A Norris Point man convicted of offences related to luring youth for the second time in approximately two years has been sent to jail.
Jason Richard Maynard, 33, received a total of 13 months in jail after pleading guilty to luring a youth via texting for a sexual purpose, invitation to sexual touching, a breach of probation, and providing liquor to minors. The sentence, imposed by Judge Kymil Howe in provincial court in Corner Brook Monday, is reduced 74 days for time served.
The man, who was described to the court as “slow” and “lacking in psychosexual maturity,” was still serving probation when he was arrested for similar offences in July 2013. He had served a conditional sentence imposed in January 2012 for luring two pre-teenaged girls in the Norris Point area in 2009.
He had contacted the girls through Facebook and later met them between five and 10 times. He also supplied them with cigarettes and beer. Although Maynard thought he would get to have sex with the girls, no sexual offences occurred.
In July 2013, he was arrested this time for soliciting sexual favours, including oral sex, from a 13-year-old girl via text messages and written notes. He had also provided three youth, including the victim, with 48 cans of beer.
This time the luring and invitation to sexual touching offences come with a mandatory jail sentence and a lifetime listing with the sex offender registry.
Crown attorney Alana Dwyer had asked for a total sentence of between 14 and 16 months, requesting a concurrent sentence on the sex-related offences, and consecutive 30-day jail terms for the breach of probation and providing liquor to minor.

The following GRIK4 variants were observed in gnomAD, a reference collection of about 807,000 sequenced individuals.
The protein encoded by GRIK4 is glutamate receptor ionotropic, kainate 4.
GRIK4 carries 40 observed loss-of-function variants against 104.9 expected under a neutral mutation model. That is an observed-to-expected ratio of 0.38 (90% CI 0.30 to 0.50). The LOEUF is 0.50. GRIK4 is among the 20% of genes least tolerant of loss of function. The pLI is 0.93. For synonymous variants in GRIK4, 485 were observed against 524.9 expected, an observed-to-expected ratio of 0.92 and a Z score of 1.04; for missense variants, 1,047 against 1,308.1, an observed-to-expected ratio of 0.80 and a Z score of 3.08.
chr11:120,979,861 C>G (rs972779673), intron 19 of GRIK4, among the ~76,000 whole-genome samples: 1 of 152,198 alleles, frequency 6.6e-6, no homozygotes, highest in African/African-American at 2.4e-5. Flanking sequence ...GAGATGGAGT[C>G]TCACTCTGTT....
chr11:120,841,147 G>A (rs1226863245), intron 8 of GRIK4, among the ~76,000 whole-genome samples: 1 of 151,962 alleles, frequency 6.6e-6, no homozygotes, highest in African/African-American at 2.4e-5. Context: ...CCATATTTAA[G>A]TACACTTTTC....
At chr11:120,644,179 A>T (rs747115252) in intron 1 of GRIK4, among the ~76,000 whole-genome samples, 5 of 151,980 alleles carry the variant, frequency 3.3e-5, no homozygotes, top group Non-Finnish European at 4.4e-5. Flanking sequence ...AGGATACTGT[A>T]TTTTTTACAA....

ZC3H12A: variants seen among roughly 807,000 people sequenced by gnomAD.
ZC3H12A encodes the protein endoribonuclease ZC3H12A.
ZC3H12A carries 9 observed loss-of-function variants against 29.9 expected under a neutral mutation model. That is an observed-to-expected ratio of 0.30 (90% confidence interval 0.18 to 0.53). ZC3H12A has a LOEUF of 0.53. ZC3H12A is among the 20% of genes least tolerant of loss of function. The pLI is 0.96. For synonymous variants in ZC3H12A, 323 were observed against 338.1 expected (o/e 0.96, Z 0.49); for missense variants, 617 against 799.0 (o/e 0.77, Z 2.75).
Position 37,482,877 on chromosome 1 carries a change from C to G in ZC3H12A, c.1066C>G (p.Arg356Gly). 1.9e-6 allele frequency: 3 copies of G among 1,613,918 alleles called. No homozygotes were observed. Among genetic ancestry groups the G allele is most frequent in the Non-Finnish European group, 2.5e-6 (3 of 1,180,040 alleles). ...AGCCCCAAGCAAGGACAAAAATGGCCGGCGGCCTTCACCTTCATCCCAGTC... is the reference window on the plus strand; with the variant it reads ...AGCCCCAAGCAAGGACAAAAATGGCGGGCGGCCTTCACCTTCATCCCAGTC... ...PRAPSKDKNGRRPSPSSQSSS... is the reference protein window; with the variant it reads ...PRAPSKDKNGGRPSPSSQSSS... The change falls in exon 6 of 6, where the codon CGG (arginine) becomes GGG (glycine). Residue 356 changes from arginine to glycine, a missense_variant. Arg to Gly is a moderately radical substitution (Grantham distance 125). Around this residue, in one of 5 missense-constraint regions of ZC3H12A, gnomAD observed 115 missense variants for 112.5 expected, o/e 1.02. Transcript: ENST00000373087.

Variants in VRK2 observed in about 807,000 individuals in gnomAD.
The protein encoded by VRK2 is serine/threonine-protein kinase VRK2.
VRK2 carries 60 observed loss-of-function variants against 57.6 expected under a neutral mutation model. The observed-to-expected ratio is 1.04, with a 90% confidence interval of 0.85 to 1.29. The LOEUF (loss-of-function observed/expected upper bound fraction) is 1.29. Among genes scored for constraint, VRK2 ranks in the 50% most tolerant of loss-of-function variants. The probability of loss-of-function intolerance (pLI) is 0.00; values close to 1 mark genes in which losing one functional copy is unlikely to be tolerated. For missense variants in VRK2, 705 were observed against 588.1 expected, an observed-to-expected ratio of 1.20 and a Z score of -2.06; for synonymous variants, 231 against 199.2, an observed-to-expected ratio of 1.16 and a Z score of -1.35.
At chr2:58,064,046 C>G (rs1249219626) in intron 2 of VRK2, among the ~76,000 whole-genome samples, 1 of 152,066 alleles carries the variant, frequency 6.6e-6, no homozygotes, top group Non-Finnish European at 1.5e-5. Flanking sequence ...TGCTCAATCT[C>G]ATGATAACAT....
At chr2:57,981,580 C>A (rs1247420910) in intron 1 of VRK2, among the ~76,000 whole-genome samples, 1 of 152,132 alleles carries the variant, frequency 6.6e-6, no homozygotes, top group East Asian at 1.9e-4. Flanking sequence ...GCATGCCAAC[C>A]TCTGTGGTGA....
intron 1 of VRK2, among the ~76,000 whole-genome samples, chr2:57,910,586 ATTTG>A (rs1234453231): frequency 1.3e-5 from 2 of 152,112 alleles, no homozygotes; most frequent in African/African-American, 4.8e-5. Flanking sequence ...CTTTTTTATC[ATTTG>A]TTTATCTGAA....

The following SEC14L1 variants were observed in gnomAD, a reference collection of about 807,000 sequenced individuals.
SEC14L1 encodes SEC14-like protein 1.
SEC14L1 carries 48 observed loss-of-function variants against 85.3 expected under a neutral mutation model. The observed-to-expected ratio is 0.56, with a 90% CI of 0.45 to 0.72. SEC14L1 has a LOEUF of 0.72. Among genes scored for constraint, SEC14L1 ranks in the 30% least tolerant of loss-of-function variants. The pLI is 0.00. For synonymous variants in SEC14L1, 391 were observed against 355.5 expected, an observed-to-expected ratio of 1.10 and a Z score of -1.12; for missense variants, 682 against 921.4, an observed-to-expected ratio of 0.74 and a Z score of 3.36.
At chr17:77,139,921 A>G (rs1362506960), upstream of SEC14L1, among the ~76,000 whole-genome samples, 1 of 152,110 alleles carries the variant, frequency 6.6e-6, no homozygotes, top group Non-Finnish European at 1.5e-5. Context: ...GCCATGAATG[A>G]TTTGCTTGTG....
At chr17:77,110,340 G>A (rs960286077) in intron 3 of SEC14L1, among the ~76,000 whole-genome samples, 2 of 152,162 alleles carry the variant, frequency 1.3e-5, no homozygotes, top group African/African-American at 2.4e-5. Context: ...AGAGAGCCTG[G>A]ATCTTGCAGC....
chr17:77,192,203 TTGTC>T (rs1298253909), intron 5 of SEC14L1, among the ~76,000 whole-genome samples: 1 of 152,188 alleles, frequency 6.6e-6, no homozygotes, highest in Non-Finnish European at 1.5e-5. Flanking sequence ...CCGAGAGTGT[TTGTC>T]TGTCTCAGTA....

Legal-aid lawyer Jamie Luscombe requested a shorter sentence — asking for 12 months on the sex-related offences, a consecutive 30-day prison term for the breach of probation, but a fine for the liquor act offence.
Howe agreed with the shorter jail term of 12 months, and imposed a $500 fine for providing liquor to a minor. Although Dwyer suggested providing alcohol was “grooming” the victim for sexual favours, the judge disagreed with the specific connection.
Maynard, who was also described as socially isolated, is also not permitted to have any contact with people under the age of 16 unless supervised by a court-approved person. He is also not permitted at places that youth can expected to be found — such as schools, parks, playgrounds — or work or volunteer where he would be in a position of trust or authority to youth. He is also not permitted to use a telecommunications device or the Internet unless supervised or for circumstances such as work.
Maynard, who has already been undergoing mental health illness appointments with a health care professional and started psychiatric assessment appointments, will be placed on 18 months of probation after his release from prison.